7. Go to your PHPMyAdmin (also part of cPanel, though your access to it may depend on your host’s settings), and you’ll find a bunch of new tables in your network’s database. Check on the database table ending in _site, and you will see our new Multisite with id=2, and on the database table ending in _blogs you see the new site with blog_id=2, and site_id=2.
8. Before we do anything on our new child/slave Multisite, let’s first create a child blog under the original Multisite (site_id=1, AWPMU Multi Network on my Multi Network). Go to Sites in the sidebar in your main network admin and create a new site. You will see the main multi-network site there. In my case, I have awpmu.cloud).
Creating a Blog/Site
If you already use WordPress Multisite, you already know creating a new blog/site is pretty simple, but let’s go through the steps anyway:
1. In your network admin, go to Sites > Add New and enter the details you want for your new child blog/site. When you’re done, click Add Site.
You will have the option to create another child blog, but for now, click Sites in the sidebar to check that your new site is there.
You can visit the new blog to check that it works and go to its separate admin dashboard to set it up. But for now, let’s check the multi-network database again in PHPMyAdmin, and specifically, the database table ending in _blogs:
You will see the new child blog/site there: it uses blog_id=3 and site_id=1 because it’s under AWPMU Network/Multisite. Go to the LWPMU child/slave Multisite network admin dashboard to create a new child blog/site. When you log in to your “child” Multisite for the first time, you will be invited to upgrade your network, so do that before proceeding.
Repeat step 1 to create Blog 02 in our child/slave network (site_id=2).
Then go to Sites in the LWPMU network admin dashboard and verify the new child blog is there.
Next, let’s take another look on PHPMyAdmin. You will notice several new tables ending in 2, 3 and 4 (for the recently created Multisite and both the child blogs/sites we have created (one for each network/Multisite). The new child blog/site has blog_id=4 and site_id=2 in the database table ending in _blogs . This means it’s under our child/slave Multisite, in my case, it’s named LWPMU Network.
Moving a Blog/Site From a Network to Another
Now let’s take a look at moving blogs/sites between networks within the overall multi-network.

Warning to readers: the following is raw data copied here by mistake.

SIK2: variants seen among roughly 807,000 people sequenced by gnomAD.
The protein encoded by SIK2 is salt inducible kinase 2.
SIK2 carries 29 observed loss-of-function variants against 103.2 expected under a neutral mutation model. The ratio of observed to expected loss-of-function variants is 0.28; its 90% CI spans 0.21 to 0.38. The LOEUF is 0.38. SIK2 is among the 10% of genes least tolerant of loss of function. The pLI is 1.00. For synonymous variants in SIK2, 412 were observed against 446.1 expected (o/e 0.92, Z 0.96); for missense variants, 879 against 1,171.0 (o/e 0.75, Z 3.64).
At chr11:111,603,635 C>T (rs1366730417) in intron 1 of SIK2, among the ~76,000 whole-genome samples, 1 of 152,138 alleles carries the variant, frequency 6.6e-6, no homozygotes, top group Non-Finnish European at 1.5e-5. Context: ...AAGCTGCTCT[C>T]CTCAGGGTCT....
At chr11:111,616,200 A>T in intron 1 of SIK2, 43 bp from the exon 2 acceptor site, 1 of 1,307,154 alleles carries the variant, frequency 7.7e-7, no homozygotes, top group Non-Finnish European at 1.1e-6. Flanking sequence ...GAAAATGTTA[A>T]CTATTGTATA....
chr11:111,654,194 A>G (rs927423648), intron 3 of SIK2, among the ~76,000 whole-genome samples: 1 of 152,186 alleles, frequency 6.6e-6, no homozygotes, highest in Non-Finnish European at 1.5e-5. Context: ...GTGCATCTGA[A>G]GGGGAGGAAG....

1. Go to your child/slave Multisite network admin dashboard. On my install, it’s located at https://lwpmu.cloud/wp-admin/network/
2. Click on Sites, then hover your mouse over /blog02 Child-blog/. You will see the Move command appear on the far right. Click it.
3. Click on the drop-down menu and select https://awpmu.cloud/ as the new network for this blog/site.
4. Next, click Move to make the move.
You’ll see that Blog 02 has disappeared from the Sites page. You can also check the message at the top of your dashboard confirming that the blog/site was moved.
6. Go now to your main/master Multisite network admin dashboard. On my install, it’s located at https://awpmu.cloud/wp-admin/network/
7. Click on Sites. You’ll see that that Blog 02 is now there. You’ll also see that it’s still as https://lwpmu.cloud/blog02, but we want it to be under the AWPMU domain. Hover your mouse over it, and click Edit.
8. Change the Site Address (URL) from lwpmu.cloud to awpmu.cloud, then click Save Changes.
9. Click again on Sites in the sidebar and check the new address.
10. Now, open PHPMyAdmin again and find the database table ending in _blogs. Check the new site_id for blog02. This confirms that both blog01 and blog02 are now running under the AWPMU main/master Multisite, both with site_id=1.
11. Repeat steps 1 to 9 above. Let’s now move our Blog 01 from the AWPMU multi-network to the LWPMU network. Then go to the child/slave Multisite network admin dashboard, click on Sites, and edit Blog 01 so that it’s running under LWPMU. Lastly, check PHPMyAdmin again and you’ll see that Blog 01 is now running under lwpmu.cloud (site_id=2).
Your Multi-Network is Now Up and Running!
You can now start planning and implementing your Multisites and their blogs/sites under your multi-network.
Remember that every network you create on your multi-network will have its own network admin dashboard and settings – they’ll share the same physical install and database, but they will behave as totally independent Multisites.
From this point on, I encourage you to play as much as possible with your new multi-network!